Educational Goals

We have created an educational environment with the goal to allow residents to gain the fundamental knowledge and expertise to become the best pediatricians possible, and, from there, to pursue their individual career paths. We challenge residents to become leaders and agents of change in their individual careers as well as true child advocates.

The departmental philosophy is one of broad-based training with exposure to a wide variety of general and subspecialty problems in children, stressing the importance of patient involvement and ownership. This prepares housestaff to be the best pediatricians possible. As a result, they can then pursue careers in both general and subspecialty fields. We recognize that three years is an arbitrary time limit, and that this is not the end of a pediatric education, but only the beginning. Thus, we want the housestaff to know how to learn as preparation for continuing education throughout their medical careers.

ACGME Core Competencies

Our residency program requires the residents to obtain competencies in the six areas below to the level expected of an independent practitioner. Toward this end, we have defined the specific knowledge, skills, and attitudes required and will provide educational experiences as needed in order for the residents to demonstrate the competencies. These are detailed in the specific goals and objectives.

Patient Care that is compassionate, appropriate, and effective for the treatment of health problems and the promotion of health

Medical Knowledge about established and evolving biomedical, clinical, and cognate (e.g. epidemiological and social-behavioral) sciences and the application of this knowledge to patient care

Practice-Based Learning and Improvement that involves investigation and evaluation of their own patient care, appraisal and assimilation of scientific evidence, and improvements in patient care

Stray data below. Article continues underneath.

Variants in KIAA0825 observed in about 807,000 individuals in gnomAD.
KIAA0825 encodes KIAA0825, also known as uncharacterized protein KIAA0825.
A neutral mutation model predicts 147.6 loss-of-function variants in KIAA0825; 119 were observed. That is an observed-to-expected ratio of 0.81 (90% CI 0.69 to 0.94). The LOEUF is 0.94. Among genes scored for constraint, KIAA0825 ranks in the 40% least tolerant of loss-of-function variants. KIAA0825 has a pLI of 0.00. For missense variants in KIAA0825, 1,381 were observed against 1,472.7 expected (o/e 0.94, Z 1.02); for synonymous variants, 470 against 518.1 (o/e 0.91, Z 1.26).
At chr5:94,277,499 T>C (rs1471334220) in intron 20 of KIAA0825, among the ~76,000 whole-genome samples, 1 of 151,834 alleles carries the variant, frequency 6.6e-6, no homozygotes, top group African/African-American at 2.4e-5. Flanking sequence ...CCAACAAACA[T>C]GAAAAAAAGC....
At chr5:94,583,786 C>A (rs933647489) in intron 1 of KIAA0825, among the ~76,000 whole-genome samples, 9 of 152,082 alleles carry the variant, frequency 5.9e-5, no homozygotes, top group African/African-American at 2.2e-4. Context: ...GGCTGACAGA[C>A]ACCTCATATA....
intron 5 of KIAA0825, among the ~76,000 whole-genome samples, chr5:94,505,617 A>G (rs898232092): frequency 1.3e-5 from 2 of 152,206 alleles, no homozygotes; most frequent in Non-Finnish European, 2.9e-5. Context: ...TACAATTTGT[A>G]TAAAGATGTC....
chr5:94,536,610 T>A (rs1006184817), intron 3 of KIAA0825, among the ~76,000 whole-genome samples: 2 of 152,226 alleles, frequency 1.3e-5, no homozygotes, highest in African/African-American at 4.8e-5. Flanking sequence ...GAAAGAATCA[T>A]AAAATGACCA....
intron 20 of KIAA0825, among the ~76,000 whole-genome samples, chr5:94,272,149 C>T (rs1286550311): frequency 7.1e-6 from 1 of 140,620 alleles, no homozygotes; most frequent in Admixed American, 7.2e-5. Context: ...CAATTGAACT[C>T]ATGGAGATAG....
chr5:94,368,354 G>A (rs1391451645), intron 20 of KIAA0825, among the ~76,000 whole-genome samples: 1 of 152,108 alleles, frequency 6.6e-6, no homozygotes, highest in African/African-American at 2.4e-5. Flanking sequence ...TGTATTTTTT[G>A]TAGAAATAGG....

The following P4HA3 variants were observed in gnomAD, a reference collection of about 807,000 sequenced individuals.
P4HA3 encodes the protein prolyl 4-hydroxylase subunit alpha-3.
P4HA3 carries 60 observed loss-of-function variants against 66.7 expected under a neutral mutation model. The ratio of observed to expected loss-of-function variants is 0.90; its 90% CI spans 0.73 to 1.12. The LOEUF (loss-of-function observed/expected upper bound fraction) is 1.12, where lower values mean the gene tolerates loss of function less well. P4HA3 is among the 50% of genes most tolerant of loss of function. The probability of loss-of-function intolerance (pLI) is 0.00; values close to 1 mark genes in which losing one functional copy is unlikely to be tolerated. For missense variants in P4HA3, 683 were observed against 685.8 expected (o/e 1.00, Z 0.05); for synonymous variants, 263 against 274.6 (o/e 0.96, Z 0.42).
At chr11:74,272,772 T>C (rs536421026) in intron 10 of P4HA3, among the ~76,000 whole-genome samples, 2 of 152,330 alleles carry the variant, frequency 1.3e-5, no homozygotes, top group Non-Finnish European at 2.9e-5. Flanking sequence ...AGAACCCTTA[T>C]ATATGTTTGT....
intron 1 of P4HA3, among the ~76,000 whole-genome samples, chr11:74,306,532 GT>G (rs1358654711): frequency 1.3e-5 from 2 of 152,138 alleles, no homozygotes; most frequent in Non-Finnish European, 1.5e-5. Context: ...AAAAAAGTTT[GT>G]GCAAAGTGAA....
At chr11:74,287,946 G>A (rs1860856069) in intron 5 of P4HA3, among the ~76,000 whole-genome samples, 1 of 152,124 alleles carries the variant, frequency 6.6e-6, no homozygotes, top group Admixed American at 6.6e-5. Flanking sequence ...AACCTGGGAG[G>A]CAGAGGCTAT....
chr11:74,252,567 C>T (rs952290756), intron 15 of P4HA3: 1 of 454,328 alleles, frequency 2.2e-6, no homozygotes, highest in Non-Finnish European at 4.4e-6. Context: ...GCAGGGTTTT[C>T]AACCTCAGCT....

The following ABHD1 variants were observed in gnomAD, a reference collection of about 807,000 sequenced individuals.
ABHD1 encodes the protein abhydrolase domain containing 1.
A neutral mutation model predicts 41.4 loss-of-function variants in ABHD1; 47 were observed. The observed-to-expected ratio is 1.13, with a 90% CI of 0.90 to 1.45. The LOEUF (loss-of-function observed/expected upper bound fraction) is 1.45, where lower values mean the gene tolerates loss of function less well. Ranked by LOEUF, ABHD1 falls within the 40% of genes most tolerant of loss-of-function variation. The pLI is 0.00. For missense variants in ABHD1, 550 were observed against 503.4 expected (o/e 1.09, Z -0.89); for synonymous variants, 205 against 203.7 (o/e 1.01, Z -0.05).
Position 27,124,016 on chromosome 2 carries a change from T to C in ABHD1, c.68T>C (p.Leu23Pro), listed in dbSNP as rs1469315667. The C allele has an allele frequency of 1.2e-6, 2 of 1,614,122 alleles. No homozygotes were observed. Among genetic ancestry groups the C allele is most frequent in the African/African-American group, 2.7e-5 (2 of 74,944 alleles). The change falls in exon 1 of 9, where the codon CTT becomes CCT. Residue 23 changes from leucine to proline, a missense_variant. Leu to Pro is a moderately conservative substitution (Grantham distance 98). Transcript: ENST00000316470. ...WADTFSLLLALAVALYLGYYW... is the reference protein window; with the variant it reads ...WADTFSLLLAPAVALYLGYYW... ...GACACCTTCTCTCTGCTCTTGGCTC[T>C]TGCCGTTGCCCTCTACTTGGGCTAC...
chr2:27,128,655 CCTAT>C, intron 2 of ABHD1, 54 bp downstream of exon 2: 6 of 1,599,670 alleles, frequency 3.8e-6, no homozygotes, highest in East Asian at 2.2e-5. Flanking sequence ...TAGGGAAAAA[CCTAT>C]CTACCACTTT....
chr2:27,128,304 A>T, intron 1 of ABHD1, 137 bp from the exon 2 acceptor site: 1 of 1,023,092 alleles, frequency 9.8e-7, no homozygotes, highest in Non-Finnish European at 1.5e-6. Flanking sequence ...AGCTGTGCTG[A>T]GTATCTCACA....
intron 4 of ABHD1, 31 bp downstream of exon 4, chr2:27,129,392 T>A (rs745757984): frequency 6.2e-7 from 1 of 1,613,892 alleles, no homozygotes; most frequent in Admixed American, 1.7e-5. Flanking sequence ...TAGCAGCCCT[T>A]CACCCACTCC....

Interpersonal and Communication Skills that result in effective information exchange and teaming with patients, their families, and other health professionals

Professionalism, as manifested through a commitment to carrying out professional responsibilities, adherence to ethical principles, and sensitivity to a diverse patient population

Systems-Based Practice, as manifested by actions that demonstrate an awareness of and responsiveness to the larger context and system of health care and the ability to effectively call on system resources to provide care that is of optimal value.

ACGME Milestones

Milestones are knowledge, skills, attitudes, and other attributes for each of the ACGME competencies organized in a developmental framework from less to more advanced. The pediatrics milestones are designed to describe changes in observable attributes of the learner across the continuum of medical education from medical school through residency into practice. Milestones are arranged into levels, with progressing from Level 1 to Level 5 being synonymous with moving from novice to expert. Our assessment tools are linked to these Milestones and are used by the Clinical Competency Committee to produce each resident’s Milestone report every six months.


We believe the basics of pediatric medicine are learned best through direct patient contact, with guidance from experienced role models. Thus, the training program centers on the PL-l as the patient's primary physician, be it on ward, NICU or primary care clinic rotations. The PL-l, therefore, plays the central role in making decisions regarding his or her patients.